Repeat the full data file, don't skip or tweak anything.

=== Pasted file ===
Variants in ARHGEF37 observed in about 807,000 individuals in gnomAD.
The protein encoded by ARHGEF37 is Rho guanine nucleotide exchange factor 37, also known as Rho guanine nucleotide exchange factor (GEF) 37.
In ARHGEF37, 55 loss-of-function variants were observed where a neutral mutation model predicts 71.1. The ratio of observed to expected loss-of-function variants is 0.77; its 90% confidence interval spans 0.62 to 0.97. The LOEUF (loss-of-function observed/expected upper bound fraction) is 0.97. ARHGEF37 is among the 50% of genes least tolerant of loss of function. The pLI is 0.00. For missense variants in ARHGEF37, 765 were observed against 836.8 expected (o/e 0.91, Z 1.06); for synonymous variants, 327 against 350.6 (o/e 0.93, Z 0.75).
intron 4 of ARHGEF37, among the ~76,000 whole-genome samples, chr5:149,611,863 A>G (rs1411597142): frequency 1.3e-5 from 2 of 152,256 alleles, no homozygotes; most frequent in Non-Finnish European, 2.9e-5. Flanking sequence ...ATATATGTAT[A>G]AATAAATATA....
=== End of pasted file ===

Variants in ARHGEF37 observed in about 807,000 individuals in gnomAD.
The protein encoded by ARHGEF37 is Rho guanine nucleotide exchange factor 37, also known as Rho guanine nucleotide exchange factor (GEF) 37.
In ARHGEF37, 55 loss-of-function variants were observed where a neutral mutation model predicts 71.1. The ratio of observed to expected loss-of-function variants is 0.77; its 90% confidence interval spans 0.62 to 0.97. The LOEUF (loss-of-function observed/expected upper bound fraction) is 0.97. ARHGEF37 is among the 50% of genes least tolerant of loss of function. The pLI is 0.00. For missense variants in ARHGEF37, 765 were observed against 836.8 expected (o/e 0.91, Z 1.06); for synonymous variants, 327 against 350.6 (o/e 0.93, Z 0.75).
intron 4 of ARHGEF37, among the ~76,000 whole-genome samples, chr5:149,611,863 A>G (rs1411597142): frequency 1.3e-5 from 2 of 152,256 alleles, no homozygotes; most frequent in Non-Finnish European, 2.9e-5. Flanking sequence ...ATATATGTAT[A>G]AATAAATATA....